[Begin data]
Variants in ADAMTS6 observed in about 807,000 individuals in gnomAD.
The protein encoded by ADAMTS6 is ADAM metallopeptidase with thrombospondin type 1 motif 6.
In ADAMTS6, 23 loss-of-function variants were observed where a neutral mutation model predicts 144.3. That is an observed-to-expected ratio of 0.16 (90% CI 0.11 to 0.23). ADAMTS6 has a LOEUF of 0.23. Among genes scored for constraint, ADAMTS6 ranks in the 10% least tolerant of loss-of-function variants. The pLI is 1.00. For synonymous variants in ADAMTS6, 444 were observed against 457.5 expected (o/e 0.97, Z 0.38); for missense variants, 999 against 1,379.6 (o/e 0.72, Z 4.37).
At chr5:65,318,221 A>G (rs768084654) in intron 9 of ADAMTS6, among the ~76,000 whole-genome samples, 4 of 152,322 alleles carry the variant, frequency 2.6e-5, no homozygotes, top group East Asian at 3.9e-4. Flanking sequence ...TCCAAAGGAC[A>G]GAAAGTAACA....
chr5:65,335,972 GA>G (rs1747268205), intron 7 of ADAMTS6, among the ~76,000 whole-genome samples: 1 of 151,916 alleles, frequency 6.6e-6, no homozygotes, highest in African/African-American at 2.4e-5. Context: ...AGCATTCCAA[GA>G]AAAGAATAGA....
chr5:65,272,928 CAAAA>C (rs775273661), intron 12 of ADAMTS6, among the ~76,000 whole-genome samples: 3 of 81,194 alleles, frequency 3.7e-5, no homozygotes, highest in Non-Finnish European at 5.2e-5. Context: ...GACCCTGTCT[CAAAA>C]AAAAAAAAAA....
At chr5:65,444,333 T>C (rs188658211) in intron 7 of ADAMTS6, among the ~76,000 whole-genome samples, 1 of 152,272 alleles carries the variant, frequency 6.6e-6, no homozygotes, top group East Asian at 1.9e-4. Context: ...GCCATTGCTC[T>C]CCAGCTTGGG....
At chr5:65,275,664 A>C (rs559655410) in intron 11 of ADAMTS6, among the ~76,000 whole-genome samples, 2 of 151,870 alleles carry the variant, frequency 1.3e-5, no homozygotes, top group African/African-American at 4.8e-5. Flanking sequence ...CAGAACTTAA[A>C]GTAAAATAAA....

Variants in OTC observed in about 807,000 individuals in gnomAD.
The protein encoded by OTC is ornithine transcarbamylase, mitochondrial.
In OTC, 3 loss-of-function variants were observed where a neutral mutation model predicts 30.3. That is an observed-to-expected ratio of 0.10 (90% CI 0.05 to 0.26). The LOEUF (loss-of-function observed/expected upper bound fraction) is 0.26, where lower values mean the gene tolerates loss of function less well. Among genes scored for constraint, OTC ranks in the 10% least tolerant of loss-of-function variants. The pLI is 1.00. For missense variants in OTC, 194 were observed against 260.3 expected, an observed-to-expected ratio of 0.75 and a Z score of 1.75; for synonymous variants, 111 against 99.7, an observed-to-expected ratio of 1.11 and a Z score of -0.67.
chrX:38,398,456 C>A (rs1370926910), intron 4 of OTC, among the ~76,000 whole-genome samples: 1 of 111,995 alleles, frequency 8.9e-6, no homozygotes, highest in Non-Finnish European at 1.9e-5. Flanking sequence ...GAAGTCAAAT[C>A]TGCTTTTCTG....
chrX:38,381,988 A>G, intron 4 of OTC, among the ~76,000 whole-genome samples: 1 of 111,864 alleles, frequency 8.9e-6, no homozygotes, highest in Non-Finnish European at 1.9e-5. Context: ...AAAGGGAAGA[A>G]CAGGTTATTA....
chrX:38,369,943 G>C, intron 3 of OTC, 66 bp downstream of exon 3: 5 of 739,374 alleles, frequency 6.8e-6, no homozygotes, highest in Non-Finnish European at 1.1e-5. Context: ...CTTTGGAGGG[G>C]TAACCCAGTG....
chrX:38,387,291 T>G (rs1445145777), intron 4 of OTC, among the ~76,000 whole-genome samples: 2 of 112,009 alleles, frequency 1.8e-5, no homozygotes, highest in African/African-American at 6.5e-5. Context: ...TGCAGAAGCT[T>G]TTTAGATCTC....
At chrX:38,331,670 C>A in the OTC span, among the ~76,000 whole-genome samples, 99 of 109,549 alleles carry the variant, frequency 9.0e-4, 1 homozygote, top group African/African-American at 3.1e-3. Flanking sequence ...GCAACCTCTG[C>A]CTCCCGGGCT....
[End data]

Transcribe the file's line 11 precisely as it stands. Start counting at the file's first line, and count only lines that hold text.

In OTC, 3 loss-of-function variants were observed where a neutral mutation model predicts 30.3. That is an observed-to-expected ratio of 0.10 (90% CI 0.05 to 0.26). The LOEUF (loss-of-function observed/expected upper bound fraction) is 0.26, where lower values mean the gene tolerates loss of function less well. Among genes scored for constraint, OTC ranks in the 10% least tolerant of loss-of-function variants. The pLI is 1.00. For missense variants in OTC, 194 were observed against 260.3 expected, an observed-to-expected ratio of 0.75 and a Z score of 1.75; for synonymous variants, 111 against 99.7, an observed-to-expected ratio of 1.11 and a Z score of -0.67.